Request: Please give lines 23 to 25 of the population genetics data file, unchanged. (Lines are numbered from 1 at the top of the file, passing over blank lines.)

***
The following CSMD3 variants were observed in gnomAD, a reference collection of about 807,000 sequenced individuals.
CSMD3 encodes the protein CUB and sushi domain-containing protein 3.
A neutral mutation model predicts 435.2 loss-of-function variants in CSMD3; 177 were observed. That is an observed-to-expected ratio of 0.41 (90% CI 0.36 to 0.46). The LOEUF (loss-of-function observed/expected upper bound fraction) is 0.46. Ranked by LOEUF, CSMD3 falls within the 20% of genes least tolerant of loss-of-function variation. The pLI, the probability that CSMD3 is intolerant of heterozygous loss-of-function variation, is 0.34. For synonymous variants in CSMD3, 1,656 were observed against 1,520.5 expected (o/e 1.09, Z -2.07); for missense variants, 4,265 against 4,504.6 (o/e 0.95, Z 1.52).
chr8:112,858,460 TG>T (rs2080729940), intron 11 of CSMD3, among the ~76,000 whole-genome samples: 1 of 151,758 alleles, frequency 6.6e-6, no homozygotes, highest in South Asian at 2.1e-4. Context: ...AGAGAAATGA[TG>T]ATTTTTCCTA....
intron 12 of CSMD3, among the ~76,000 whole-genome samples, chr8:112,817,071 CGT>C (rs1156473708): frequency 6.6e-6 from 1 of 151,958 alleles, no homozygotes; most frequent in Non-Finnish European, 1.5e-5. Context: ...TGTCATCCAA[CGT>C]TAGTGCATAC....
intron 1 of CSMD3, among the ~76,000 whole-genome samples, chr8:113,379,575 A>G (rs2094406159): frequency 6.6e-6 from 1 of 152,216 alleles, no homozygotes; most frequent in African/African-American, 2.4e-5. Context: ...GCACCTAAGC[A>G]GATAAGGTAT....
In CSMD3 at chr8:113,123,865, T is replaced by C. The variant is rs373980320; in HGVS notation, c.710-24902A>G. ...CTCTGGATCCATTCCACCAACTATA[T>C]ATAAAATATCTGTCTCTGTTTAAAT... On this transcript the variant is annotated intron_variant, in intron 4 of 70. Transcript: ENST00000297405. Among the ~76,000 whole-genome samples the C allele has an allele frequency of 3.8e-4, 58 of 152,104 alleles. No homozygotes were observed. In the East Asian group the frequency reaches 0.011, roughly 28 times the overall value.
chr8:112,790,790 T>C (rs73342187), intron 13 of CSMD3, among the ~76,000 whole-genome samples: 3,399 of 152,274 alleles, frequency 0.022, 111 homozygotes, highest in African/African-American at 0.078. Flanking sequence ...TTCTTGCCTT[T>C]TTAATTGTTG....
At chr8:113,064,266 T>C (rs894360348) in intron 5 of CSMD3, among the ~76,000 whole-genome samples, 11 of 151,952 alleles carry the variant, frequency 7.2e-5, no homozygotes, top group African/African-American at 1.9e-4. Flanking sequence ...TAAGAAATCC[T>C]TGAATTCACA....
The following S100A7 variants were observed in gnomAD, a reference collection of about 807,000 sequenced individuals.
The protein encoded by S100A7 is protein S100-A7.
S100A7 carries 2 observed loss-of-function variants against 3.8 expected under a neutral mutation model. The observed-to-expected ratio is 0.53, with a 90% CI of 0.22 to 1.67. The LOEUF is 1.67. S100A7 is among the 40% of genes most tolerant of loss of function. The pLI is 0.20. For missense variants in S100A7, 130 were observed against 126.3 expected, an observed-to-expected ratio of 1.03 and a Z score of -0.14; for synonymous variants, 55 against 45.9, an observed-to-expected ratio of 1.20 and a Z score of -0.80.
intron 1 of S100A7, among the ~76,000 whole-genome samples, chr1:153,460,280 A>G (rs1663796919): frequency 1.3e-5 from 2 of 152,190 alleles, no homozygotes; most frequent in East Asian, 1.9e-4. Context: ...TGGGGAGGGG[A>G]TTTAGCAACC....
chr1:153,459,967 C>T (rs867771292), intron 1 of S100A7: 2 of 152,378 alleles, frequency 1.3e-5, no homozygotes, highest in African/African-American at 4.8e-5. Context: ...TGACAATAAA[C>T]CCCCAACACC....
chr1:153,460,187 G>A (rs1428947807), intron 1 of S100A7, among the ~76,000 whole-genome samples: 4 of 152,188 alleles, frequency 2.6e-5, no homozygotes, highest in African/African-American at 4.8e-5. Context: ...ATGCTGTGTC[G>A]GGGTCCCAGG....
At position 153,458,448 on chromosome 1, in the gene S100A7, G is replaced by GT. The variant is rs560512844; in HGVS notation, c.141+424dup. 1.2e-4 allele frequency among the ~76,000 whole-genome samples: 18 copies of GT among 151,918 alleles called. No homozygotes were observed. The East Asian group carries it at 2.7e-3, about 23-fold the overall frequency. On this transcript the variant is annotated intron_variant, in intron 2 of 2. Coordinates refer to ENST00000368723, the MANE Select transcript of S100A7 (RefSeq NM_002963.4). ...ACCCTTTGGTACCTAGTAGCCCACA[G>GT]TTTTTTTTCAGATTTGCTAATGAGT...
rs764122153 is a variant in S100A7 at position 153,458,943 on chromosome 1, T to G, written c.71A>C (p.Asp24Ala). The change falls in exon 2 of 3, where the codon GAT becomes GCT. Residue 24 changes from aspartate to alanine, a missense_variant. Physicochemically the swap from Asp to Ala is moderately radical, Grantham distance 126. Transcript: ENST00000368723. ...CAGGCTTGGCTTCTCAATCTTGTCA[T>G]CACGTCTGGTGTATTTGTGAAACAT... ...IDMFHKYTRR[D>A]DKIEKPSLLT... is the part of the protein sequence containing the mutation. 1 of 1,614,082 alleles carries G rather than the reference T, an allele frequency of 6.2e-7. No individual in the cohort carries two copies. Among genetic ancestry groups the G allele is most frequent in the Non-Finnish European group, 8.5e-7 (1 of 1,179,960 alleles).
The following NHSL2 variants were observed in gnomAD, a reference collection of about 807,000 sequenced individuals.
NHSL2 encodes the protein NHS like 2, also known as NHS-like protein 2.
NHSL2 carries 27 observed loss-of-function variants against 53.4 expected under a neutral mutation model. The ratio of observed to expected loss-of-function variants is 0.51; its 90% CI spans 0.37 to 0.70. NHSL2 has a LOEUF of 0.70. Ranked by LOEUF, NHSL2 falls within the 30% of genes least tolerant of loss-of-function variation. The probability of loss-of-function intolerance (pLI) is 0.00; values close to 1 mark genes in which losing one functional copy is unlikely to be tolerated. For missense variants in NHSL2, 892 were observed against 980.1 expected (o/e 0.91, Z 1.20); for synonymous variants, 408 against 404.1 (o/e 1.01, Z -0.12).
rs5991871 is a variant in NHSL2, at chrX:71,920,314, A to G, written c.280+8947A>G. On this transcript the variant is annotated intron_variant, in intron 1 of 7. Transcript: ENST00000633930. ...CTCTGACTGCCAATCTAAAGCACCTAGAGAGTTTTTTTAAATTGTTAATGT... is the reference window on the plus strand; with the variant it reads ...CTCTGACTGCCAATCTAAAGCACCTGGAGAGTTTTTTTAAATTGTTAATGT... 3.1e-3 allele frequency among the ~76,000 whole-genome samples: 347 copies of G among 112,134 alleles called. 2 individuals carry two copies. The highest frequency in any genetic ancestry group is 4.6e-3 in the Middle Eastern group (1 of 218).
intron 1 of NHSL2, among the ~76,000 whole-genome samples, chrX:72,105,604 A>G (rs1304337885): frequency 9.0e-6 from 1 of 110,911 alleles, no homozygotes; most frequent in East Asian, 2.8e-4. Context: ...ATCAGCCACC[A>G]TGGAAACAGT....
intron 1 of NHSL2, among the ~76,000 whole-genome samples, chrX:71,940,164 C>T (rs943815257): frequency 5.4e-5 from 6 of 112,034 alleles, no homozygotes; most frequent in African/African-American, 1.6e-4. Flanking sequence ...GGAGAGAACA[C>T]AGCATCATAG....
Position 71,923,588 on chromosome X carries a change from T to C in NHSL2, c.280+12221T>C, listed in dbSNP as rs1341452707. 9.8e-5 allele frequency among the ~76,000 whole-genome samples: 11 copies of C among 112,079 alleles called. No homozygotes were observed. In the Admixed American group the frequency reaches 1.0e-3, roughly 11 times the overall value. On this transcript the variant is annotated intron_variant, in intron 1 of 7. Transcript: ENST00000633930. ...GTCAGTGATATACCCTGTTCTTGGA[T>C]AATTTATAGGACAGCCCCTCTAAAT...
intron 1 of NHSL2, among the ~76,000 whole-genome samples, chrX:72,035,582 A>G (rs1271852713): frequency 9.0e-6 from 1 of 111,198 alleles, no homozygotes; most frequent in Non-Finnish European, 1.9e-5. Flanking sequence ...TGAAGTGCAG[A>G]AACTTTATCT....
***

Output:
intron 1 of NHSL2, among the ~76,000 whole-genome samples, chrX:71,940,164 C>T (rs943815257): frequency 5.4e-5 from 6 of 112,034 alleles, no homozygotes; most frequent in African/African-American, 1.6e-4. Flanking sequence ...GGAGAGAACA[C>T]AGCATCATAG....
Position 71,923,588 on chromosome X carries a change from T to C in NHSL2, c.280+12221T>C, listed in dbSNP as rs1341452707. 9.8e-5 allele frequency among the ~76,000 whole-genome samples: 11 copies of C among 112,079 alleles called. No homozygotes were observed. In the Admixed American group the frequency reaches 1.0e-3, roughly 11 times the overall value. On this transcript the variant is annotated intron_variant, in intron 1 of 7. Transcript: ENST00000633930. ...GTCAGTGATATACCCTGTTCTTGGA[T>C]AATTTATAGGACAGCCCCTCTAAAT...
intron 1 of NHSL2, among the ~76,000 whole-genome samples, chrX:72,035,582 A>G (rs1271852713): frequency 9.0e-6 from 1 of 111,198 alleles, no homozygotes; most frequent in Non-Finnish European, 1.9e-5. Flanking sequence ...TGAAGTGCAG[A>G]AACTTTATCT....